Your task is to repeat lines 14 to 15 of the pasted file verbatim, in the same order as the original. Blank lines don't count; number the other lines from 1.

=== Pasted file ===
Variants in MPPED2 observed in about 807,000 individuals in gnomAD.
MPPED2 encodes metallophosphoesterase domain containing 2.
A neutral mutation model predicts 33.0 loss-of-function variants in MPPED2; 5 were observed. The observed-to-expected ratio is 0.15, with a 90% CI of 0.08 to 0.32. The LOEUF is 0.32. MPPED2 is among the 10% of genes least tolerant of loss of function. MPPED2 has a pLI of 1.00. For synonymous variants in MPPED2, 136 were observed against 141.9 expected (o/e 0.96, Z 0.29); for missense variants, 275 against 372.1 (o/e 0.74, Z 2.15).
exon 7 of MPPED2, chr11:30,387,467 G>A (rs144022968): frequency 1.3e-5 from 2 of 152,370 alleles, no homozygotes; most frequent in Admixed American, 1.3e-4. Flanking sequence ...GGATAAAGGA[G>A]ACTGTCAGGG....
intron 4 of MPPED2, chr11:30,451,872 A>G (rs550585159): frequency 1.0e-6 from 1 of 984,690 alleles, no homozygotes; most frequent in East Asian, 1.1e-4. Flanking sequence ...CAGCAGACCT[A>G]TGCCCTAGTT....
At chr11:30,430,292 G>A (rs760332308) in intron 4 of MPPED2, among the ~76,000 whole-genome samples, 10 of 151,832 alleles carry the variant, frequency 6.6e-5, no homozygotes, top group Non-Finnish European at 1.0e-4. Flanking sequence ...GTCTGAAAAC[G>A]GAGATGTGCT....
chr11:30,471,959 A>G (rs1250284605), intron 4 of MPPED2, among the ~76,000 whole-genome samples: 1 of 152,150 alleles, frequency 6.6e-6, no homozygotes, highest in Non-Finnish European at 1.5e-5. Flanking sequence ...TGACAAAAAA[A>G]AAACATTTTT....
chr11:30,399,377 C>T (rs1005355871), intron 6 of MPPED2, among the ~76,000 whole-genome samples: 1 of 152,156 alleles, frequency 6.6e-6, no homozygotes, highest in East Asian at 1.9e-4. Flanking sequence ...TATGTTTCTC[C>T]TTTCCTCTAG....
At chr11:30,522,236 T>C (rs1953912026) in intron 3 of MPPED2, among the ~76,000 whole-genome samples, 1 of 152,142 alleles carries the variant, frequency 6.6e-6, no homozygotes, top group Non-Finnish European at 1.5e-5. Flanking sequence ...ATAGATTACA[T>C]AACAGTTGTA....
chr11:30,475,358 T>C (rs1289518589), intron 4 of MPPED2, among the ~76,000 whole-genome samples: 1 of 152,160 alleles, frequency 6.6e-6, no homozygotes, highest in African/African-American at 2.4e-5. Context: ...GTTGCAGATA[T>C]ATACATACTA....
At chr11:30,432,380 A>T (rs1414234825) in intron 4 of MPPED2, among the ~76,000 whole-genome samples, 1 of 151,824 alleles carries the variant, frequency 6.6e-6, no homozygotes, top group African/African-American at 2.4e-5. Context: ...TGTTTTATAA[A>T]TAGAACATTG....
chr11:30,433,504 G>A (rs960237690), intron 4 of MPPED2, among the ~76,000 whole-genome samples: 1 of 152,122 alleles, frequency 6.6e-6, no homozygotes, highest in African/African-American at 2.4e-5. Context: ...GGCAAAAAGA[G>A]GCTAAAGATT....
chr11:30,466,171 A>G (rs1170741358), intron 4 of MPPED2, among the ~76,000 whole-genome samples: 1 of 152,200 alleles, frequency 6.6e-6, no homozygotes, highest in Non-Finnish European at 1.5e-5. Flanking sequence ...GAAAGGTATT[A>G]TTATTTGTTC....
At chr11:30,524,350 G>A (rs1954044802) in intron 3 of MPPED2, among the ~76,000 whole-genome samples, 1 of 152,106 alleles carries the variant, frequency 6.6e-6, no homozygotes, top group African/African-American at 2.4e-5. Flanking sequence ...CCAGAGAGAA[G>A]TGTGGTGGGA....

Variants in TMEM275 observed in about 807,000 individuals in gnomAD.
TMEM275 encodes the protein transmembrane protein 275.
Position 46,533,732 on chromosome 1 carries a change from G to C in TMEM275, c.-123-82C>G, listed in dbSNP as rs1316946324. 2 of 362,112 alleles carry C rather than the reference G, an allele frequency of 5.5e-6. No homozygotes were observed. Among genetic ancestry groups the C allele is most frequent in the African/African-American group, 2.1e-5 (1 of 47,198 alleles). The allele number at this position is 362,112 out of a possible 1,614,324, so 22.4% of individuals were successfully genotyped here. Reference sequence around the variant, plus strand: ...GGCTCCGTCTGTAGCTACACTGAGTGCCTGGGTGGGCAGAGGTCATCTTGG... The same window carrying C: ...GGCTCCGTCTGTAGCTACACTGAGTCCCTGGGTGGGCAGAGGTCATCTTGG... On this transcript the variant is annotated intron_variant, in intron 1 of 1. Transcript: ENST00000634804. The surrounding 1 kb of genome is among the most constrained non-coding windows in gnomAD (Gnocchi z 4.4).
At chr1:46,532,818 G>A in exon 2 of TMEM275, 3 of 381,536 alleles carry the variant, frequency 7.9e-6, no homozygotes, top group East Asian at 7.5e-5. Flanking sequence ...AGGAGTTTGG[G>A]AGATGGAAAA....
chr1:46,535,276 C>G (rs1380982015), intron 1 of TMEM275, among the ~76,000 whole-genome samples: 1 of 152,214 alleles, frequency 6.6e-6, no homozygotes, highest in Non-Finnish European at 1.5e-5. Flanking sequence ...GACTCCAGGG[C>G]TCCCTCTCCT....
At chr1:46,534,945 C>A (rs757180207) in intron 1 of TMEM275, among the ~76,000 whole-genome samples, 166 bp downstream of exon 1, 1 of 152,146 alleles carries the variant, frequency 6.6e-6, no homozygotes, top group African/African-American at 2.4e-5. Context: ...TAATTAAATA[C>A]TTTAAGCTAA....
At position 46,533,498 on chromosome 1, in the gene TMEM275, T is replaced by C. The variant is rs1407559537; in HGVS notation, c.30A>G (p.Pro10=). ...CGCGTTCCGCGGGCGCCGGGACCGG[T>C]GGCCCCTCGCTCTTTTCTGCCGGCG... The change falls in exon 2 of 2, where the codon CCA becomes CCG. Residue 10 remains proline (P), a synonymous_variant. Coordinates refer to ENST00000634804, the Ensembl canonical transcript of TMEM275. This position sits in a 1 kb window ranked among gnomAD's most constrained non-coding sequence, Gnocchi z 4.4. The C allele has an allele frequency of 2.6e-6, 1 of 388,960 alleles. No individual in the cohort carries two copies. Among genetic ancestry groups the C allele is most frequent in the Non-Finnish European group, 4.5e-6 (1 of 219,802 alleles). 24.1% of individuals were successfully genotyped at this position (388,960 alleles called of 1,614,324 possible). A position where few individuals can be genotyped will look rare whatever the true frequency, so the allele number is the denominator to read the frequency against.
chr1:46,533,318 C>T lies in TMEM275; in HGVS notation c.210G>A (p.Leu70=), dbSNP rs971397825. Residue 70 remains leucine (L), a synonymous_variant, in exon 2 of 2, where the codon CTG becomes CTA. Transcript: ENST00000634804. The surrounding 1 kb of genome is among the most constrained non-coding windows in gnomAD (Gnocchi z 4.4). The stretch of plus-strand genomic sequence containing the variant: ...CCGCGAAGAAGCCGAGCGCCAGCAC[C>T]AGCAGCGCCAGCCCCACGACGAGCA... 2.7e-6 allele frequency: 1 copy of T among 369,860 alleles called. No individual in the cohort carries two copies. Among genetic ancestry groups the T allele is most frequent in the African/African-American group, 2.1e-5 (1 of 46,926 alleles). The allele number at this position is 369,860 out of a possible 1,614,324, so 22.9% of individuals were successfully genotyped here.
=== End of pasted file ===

At chr11:30,524,350 G>A (rs1954044802) in intron 3 of MPPED2, among the ~76,000 whole-genome samples, 1 of 152,106 alleles carries the variant, frequency 6.6e-6, no homozygotes, top group African/African-American at 2.4e-5. Flanking sequence ...CCAGAGAGAA[G>A]TGTGGTGGGA....

Variants in TMEM275 observed in about 807,000 individuals in gnomAD.